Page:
Tuesday, May 16, 2006

Mish-Mash of Interesting Stuff

Some things to mention:
  • My friend SSMW has an idea for how the Pentagon can turn lemons into lemonade vis-à-vis the geographically challenged nature of American youth.
  • I heard about this book coming out later this year which sounded clever: If You Catch an Adjective, Kill It: The Parts of Speech, for Better And/Or Worse by Ben Yagoda (cool links page, btw). I was trying to remember how I had known of Mr. Yagoda previously, and just a few minutes ago I realized that I had enjoyed his Booknotes interview about his book on Will Rogers.
  • Ann Althouse comments on Condoleezza Rice's top ten favorite songs. I agree that if Condi can cite specific works by Mozart, Brahms, Beethoven, and Mussorgsky (remember, the secretary is a concert pianist) that she's cheating by saying "U2 -- Anything".
  • Prof. Althouse and many others are discussing this NYT article by Kevin Kelly about the present and future of Google, book scanning, hyperlinking among books, etc. Here is Mr. Kelly's Wikipedia entry, and here is his blog. Here's my simple take on all that: I know there are details to work out (i.e., some book scanning staff member gets Wells confused with Ellison and a few Googlers end up thinking that the African-American experience of the early 20th Century involved drinking an invisibility potion), but look -- it's gonna be fucking cool. Kelly excerpt: So what happens when all the books in the world become a single liquid fabric of interconnected words and ideas? Four things: First, works on the margins of popularity will find a small audience larger than the near-zero audience they usually have now. Far out in the "long tail" of the distribution curve — that extended place of low-to-no sales where most of the books in the world live — digital interlinking will lift the readership of almost any title, no matter how esoteric. Second, the universal library will deepen our grasp of history, as every original document in the course of civilization is scanned and cross-linked. Third, the universal library of all books will cultivate a new sense of authority. If you can truly incorporate all texts — past and present, multilingual — on a particular subject, then you can have a clearer sense of what we as a civilization, a species, do know and don't know. The white spaces of our collective ignorance are highlighted, while the golden peaks of our knowledge are drawn with completeness. This degree of authority is only rarely achieved in scholarship today, but it will become routine.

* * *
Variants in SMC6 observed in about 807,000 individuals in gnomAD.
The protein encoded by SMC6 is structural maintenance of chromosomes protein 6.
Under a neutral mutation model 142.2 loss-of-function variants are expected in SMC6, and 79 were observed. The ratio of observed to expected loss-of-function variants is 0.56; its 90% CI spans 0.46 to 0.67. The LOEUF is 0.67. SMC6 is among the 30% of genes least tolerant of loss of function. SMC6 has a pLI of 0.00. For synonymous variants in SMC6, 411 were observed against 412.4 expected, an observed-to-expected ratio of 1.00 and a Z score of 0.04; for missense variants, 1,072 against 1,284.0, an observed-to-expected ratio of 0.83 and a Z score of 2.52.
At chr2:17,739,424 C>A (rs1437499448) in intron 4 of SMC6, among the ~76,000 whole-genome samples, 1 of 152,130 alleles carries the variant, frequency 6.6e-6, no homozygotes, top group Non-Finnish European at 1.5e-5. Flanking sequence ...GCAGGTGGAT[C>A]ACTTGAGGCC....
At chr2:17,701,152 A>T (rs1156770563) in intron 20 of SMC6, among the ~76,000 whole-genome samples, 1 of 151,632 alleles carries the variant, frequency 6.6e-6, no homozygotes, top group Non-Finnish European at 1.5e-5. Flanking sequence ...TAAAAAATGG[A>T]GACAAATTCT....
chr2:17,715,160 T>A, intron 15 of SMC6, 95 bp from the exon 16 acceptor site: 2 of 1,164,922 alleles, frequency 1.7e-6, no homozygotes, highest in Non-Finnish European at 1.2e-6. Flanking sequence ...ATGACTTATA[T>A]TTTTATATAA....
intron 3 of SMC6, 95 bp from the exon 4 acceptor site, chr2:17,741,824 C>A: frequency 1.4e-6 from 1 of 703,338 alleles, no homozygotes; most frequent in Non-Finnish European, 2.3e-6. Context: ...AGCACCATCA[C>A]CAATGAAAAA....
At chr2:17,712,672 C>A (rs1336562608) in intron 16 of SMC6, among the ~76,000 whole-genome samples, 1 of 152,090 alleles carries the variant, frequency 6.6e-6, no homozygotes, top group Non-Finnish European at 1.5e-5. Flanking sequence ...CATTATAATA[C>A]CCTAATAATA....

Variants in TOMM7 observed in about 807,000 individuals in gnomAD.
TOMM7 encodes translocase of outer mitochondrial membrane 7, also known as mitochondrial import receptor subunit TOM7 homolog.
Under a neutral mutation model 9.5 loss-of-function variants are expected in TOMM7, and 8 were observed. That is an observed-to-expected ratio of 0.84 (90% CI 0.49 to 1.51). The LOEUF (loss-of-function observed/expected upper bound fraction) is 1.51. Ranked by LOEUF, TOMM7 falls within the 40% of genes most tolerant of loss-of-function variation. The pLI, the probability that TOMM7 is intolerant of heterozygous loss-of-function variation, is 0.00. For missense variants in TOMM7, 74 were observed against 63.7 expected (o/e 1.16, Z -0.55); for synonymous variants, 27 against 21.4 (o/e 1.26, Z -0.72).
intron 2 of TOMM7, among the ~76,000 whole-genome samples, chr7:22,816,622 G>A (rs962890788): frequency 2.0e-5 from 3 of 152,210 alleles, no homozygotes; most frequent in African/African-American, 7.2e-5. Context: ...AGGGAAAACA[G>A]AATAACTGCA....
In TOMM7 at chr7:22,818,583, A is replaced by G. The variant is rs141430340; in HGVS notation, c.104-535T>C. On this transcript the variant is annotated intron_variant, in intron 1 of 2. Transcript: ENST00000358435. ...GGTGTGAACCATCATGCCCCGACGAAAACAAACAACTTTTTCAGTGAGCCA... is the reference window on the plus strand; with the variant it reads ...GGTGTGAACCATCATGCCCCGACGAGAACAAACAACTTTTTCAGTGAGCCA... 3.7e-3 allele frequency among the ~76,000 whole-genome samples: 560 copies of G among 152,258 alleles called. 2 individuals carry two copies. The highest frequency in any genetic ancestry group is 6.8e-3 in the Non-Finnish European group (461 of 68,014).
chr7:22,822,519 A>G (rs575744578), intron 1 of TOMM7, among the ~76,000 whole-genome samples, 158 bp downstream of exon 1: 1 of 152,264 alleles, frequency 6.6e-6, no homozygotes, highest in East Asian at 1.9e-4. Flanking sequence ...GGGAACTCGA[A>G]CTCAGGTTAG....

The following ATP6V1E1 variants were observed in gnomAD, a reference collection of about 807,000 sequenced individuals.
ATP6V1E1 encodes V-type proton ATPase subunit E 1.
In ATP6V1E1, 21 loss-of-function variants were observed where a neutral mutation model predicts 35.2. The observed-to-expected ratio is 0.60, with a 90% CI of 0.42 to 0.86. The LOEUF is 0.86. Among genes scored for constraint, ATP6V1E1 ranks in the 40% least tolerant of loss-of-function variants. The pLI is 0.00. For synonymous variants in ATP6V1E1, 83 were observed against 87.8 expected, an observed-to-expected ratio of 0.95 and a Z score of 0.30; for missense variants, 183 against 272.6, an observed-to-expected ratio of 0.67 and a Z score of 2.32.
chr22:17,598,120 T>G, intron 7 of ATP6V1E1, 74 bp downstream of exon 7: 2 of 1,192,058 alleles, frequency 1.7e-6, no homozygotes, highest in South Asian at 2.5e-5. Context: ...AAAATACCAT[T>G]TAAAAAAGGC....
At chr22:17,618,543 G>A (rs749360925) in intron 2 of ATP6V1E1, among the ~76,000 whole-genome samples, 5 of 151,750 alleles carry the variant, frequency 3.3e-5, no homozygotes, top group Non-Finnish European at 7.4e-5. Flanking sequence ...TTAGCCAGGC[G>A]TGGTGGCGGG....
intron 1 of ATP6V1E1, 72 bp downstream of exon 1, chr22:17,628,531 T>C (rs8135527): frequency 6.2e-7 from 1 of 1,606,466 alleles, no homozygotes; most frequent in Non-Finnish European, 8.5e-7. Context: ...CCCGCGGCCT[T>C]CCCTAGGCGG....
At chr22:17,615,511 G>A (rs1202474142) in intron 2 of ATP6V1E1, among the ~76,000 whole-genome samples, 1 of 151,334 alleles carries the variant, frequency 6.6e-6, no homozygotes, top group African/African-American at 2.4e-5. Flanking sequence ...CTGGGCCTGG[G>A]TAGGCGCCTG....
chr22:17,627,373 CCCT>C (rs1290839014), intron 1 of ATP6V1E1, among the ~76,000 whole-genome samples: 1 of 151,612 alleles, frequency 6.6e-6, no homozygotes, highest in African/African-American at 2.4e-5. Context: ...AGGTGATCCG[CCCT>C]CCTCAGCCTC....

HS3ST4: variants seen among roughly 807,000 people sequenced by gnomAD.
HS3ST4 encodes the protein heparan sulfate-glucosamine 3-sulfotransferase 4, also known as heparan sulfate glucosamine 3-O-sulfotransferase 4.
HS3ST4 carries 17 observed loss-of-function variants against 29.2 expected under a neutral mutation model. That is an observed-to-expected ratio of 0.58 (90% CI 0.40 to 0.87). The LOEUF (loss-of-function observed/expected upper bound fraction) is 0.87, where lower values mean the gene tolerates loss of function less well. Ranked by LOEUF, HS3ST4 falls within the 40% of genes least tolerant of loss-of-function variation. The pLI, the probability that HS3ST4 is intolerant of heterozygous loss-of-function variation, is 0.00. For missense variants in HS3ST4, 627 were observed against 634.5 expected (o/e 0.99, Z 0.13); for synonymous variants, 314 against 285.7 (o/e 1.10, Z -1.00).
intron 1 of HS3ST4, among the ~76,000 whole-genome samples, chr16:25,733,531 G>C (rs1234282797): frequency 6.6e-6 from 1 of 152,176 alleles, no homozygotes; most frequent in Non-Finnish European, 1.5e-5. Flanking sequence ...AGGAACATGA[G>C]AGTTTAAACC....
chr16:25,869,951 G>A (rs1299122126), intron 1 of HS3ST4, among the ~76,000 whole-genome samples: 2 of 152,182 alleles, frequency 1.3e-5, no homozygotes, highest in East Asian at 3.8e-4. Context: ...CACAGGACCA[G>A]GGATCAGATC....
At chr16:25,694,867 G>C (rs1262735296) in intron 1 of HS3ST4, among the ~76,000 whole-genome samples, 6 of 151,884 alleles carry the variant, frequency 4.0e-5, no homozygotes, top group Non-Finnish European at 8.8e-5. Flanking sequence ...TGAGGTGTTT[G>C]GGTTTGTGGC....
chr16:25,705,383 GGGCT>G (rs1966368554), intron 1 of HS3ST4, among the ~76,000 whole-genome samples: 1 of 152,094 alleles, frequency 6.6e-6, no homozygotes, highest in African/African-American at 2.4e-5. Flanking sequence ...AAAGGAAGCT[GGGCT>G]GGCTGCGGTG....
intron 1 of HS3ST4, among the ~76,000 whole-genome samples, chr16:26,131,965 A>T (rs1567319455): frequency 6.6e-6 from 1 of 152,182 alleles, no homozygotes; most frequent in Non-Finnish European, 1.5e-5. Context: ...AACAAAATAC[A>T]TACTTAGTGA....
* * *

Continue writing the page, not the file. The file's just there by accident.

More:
• Here's a neat site, RetroFuture. FAQ excerpt: The Retrofuture is a concept based on a simple question: what happened to all that futuristic stuff which was supposed to change our lives by the year 2000? Stuff like rocket belts, flying cars, food pills and inflatable homes. I think it's interesting that while the concept of the rocket belt was one that the mindset of the 1950s could process, the real miracles of the 21st Century are things like the book scanning and other search-related potential above, which few if any could have mapped out.


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